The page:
A big day for me, both profesionally and personally / by Francisco Blaha

Not much of an emotional guy my self, or at least not in public. Boarding school, armed forces, commercial fishing aren’t very conducive to expressing (and exposing) your inner (softer) sides. But today is a truly special one since my professional and personal life comes together in the publication of an FAO "green book" that has my name on it. Hosch, G. & Blaha, F. 2017. Seafood traceability for fisheries compliance – Country level support for catch documentation schemes. FAO Fisheries and Aquaculture Technical Paper No. 619. Rome, Italy.

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I need to explain the personal part a bit… as you all painfully aware from reading this blogs, being dyslexic and writing are not good bedfellows.

Back in the days of my schooling if you didn’t write well, then you were “dumb”… even many of my marks were good enough, because I love reading, had a good memory and like science. Still… that “dumb” brand was (still?) a hard one to walk off from, and was in part why I turn to fishing and physical work (boat building, lifesaving, etc.)

And maybe because of that “fisherman thing”, where we push the limits and react to authority just because we are told that we can’t (or are not good enough) to do something. Is that only later on, I pursued my first university degree, then migrated to a part of the world I had no connections with, I did a 2nd MSc in a different language, became a consultant, and in some way... a writer via this blog.  I guess it is my nature to give things a go, just because I know I'm not good at them...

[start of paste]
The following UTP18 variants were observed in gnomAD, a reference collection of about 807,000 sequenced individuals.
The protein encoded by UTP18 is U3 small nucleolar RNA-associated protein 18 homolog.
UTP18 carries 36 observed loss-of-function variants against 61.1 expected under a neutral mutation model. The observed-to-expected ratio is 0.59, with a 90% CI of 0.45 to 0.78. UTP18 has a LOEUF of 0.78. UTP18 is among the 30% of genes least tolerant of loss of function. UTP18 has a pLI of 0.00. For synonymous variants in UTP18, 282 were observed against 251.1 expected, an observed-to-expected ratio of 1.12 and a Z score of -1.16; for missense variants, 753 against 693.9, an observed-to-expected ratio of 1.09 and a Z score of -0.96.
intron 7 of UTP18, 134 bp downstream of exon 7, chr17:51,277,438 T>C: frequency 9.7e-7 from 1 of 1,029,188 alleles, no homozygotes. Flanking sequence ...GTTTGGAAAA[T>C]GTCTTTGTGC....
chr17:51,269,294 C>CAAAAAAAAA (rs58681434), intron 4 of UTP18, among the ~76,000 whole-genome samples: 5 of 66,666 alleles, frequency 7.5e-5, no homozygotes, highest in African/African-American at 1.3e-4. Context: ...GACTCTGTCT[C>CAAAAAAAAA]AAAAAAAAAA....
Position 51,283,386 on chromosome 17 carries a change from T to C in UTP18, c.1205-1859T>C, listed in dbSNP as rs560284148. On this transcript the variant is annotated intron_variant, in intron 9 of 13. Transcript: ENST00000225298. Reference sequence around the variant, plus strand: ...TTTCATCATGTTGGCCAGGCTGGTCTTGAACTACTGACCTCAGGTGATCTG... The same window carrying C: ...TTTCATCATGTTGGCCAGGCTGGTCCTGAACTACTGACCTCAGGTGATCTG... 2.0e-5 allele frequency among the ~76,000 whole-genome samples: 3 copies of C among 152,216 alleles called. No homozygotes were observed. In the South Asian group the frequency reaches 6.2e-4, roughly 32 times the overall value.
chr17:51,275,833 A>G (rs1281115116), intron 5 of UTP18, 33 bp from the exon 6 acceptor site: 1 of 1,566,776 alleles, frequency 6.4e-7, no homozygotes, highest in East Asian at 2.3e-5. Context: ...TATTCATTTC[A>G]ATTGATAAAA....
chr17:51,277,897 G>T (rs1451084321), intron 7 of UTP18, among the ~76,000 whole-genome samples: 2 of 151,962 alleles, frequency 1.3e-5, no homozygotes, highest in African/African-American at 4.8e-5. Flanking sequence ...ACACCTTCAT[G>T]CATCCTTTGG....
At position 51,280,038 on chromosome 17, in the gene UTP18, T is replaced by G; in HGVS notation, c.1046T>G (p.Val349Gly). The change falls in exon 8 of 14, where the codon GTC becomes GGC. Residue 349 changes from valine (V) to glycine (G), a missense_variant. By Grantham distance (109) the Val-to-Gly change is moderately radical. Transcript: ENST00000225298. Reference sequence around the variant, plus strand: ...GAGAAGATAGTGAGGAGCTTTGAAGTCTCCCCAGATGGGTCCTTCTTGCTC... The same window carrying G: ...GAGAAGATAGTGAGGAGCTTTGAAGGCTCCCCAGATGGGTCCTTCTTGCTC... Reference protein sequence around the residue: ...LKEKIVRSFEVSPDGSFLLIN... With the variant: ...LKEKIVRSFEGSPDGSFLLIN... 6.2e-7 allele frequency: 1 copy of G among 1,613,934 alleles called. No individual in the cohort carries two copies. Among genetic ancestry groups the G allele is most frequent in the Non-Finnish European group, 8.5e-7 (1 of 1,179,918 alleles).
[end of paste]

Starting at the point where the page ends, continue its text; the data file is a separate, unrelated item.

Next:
In any case, it was quite early in my “career” that I discover those “green books” of FAO at the fisheries libraries of places I study and worked. There have always been excellent references on many areas of fisheries, and over the years got quite a collection that I treasure. On my first day as a Fisheries Officer in FAO Rome, I went straight to the fisheries library, and I could not believe that I was actually working at the place that contracted the authors and published those books!  It was a big thing for me!

So, to be contracted to write one of those FAO "green books" that I look up to, was quite humbling to say the least… and I have no shame to admit that my eyes were teary when I got today a mail saying that it has been published.

So enought of the personal stuff! 

I co-authored this book with my friend Gilles Hosch, someone whose name and CDS are getting hard to separate. Over a year ago while in a conference in India we were approached Dr Victoria Chomo from FAO with the idea of writing a complementary book to Gilles’ FAO Tuna CDS Study

From the start it was evident to us that while we all discuss the CDS details, we forget that the success of a CDS is at it roots, on a minimal set of support mechanisms that correlate MCS and traceability at each type of State (flag, coastal, port, processing and end market), along the fish product value chain. 

I’m a visual learner and always seen it as: “the CDS is the roof, that needs to on solid columns at each of the states along the value chain”. We are all working and talking about that roof, but neglecting the catalogue of what are the essential MCS and traceability elements to be taken care of each type of state for a CDS to work. And as we didn’t find a document that catalogued all those mechanisms we knew necessary... we wrote this book about them.